Mayor Pro Tem Aaron Stephens voted with Beier against the measure, continuing to argue for his idea for a citywide advisory ballot vote in August, while acknowledging that approach's shortcomings.

Before voting in favor of allowing a specially-contracted hunt, Meadows listed off the names of opponents of a deer cull — including his own wife. But he read a longer list of names of residents supportive of the targeted hunt, and said his conversations with voters in the election season confirmed for him that reining in the deer population was high on the list of average people’s concerns.

As an active member of the Sierra Club, Meadows also explained how species other than humans can get “outside their natural order,” particularly in a humanmade environment like East Lansing, where white-tailed deer have few if any predators other than automobiles.

“There comes a time when there’s not enough food for the deer to eat,” Meadows said.

Above: Council Member Mark Meadows speaking (photo by Raymond Holt)

The Council authorization allows City Manager George Lahanas to contract with the USDA to thin the herd with lethal means, but leaves open the possibility of using other means to control the population. Lahanas said a program using professional firearm sharpshooters would be done in a highly safe fashion with silencers, so that residents would not be harmed and would not hear loud guns going off.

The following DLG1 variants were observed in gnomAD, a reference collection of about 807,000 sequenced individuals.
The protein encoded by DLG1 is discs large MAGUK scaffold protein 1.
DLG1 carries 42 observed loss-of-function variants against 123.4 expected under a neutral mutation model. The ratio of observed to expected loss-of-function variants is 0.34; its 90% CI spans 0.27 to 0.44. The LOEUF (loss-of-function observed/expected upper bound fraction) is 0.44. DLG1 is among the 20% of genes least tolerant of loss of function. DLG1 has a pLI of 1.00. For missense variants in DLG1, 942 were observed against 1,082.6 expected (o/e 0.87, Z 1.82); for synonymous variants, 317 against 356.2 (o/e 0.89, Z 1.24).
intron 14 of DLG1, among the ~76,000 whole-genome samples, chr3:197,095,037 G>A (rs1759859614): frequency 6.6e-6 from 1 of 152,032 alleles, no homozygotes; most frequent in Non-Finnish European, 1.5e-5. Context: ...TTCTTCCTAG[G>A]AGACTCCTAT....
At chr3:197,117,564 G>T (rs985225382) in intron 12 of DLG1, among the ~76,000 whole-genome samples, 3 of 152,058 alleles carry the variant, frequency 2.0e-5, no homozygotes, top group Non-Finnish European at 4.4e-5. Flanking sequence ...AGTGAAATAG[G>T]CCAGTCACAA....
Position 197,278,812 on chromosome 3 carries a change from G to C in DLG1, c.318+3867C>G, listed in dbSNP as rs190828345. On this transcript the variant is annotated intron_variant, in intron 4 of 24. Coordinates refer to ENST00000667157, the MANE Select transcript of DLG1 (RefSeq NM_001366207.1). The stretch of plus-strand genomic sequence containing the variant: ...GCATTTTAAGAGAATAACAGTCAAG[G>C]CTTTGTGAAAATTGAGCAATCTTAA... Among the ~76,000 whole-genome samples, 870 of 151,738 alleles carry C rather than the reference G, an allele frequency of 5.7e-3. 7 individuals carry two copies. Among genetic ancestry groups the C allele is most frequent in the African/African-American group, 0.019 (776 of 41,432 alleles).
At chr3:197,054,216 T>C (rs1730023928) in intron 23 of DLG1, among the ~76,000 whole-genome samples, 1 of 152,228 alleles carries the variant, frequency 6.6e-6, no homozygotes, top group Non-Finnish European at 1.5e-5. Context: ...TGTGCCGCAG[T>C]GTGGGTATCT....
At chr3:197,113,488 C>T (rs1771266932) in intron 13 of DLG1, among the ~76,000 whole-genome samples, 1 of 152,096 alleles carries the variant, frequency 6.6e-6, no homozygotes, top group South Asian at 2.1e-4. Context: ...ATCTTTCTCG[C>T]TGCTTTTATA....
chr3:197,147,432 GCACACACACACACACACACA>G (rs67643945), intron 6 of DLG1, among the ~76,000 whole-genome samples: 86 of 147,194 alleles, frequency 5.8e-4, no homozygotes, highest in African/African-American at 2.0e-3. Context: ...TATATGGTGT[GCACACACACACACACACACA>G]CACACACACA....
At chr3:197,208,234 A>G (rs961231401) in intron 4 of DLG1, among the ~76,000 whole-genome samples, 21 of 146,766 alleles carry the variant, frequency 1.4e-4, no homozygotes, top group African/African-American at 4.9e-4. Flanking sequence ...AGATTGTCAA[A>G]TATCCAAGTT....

Lahanas asked for an initial budget of $20,000. More than that would require additional approval from the Council, which would preclude him from running up a large bill on more expensive measures, such as trapping deer or implementing birth control on the does.

“I don’t think this is writing a blank check to do any deer management protocol out there,” said Council Member Jessy Gregg, who voted to approve a cull, along with Council Member Lisa Babcock.

Above: Veronica Wilkerson Johnson asks Council not to approve a cull (photo by Raymond Holt)

Opponents from the public noted their love for the deer.